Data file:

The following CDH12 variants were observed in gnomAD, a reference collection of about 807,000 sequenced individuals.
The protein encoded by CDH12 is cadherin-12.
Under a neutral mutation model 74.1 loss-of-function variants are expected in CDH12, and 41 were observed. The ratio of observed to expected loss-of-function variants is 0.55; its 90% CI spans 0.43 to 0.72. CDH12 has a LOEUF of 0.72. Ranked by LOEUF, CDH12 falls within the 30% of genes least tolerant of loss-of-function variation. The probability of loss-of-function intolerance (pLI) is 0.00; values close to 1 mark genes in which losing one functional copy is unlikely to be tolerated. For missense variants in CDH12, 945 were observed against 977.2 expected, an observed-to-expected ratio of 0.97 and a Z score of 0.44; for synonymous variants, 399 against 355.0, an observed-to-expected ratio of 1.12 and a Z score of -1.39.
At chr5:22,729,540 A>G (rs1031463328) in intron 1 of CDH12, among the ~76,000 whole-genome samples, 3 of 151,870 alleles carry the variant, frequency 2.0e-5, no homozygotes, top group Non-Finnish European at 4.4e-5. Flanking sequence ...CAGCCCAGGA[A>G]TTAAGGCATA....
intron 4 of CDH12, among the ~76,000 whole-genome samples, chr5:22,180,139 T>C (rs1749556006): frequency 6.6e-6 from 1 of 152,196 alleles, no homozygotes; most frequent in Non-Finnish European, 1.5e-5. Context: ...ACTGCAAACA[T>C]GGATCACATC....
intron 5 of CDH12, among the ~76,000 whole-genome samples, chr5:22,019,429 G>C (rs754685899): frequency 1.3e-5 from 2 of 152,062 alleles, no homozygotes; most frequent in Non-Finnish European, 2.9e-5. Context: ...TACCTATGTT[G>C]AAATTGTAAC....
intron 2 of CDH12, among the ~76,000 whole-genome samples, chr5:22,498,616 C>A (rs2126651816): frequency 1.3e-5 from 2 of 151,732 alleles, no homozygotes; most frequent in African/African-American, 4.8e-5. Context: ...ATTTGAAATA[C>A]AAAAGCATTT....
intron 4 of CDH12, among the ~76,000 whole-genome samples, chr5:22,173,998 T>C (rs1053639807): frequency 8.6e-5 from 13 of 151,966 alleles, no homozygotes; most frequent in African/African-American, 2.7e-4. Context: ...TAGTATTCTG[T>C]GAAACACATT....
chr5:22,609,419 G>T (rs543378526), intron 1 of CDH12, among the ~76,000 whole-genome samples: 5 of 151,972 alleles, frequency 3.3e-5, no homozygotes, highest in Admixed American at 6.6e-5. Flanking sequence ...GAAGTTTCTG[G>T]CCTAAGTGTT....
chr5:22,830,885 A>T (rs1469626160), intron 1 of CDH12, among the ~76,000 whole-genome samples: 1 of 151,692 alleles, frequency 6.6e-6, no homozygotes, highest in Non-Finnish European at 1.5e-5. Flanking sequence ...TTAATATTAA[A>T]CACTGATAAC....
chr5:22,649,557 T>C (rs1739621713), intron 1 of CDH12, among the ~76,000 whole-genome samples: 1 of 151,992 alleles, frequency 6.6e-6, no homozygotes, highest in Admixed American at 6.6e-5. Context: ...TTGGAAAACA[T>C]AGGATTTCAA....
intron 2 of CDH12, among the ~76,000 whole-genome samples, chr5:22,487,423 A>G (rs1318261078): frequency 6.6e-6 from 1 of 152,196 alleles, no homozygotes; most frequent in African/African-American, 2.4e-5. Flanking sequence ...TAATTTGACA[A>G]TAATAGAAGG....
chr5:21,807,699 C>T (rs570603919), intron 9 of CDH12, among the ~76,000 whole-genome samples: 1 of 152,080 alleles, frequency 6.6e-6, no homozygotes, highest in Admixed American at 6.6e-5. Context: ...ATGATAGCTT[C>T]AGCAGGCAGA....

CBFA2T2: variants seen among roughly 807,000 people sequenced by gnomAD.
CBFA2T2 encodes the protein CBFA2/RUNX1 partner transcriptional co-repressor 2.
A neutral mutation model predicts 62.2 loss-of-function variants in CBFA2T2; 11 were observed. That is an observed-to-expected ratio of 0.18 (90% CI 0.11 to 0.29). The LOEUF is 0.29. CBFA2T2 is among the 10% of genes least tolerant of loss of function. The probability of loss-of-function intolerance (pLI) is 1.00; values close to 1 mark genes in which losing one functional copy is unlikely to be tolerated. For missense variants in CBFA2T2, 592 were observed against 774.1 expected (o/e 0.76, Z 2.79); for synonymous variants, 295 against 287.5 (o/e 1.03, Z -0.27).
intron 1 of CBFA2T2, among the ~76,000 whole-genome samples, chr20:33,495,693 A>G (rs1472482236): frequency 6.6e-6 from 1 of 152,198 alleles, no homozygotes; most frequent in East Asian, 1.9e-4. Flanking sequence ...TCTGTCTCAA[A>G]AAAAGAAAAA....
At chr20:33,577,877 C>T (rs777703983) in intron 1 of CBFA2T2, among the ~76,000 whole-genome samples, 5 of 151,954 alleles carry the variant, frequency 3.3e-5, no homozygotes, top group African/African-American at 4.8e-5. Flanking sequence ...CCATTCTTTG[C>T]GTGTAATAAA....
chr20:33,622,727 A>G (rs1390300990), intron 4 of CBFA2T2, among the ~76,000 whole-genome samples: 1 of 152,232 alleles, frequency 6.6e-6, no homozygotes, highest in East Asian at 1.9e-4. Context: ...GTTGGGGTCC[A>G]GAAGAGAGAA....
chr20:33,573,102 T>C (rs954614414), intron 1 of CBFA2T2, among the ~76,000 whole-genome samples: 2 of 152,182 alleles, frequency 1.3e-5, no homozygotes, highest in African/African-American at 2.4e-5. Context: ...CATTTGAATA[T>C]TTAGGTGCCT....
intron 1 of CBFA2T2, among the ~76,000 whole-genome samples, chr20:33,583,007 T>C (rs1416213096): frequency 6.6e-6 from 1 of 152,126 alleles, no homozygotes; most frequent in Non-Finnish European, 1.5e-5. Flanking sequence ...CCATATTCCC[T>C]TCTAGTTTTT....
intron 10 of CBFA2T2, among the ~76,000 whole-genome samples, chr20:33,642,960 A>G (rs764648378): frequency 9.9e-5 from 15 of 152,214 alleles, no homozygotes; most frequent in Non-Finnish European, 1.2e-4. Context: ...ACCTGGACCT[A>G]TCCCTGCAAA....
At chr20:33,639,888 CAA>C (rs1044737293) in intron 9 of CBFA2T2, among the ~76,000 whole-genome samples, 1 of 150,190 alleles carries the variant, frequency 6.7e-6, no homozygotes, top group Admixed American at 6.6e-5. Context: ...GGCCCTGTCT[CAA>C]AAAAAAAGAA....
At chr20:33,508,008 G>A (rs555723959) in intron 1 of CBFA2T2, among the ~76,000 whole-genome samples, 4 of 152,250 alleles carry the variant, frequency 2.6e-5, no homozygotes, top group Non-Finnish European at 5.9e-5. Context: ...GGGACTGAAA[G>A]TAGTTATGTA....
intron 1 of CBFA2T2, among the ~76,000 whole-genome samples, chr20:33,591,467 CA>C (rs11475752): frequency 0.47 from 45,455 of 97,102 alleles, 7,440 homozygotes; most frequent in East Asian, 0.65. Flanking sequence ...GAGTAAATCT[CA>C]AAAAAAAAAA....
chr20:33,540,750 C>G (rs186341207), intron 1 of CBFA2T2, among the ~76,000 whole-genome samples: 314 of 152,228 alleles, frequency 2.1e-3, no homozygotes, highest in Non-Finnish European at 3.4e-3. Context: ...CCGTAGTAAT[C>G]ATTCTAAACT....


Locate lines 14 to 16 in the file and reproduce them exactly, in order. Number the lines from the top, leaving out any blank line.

CBFA2T2: variants seen among roughly 807,000 people sequenced by gnomAD.
CBFA2T2 encodes the protein CBFA2/RUNX1 partner transcriptional co-repressor 2.
A neutral mutation model predicts 62.2 loss-of-function variants in CBFA2T2; 11 were observed. That is an observed-to-expected ratio of 0.18 (90% CI 0.11 to 0.29). The LOEUF is 0.29. CBFA2T2 is among the 10% of genes least tolerant of loss of function. The probability of loss-of-function intolerance (pLI) is 1.00; values close to 1 mark genes in which losing one functional copy is unlikely to be tolerated. For missense variants in CBFA2T2, 592 were observed against 774.1 expected (o/e 0.76, Z 2.79); for synonymous variants, 295 against 287.5 (o/e 1.03, Z -0.27).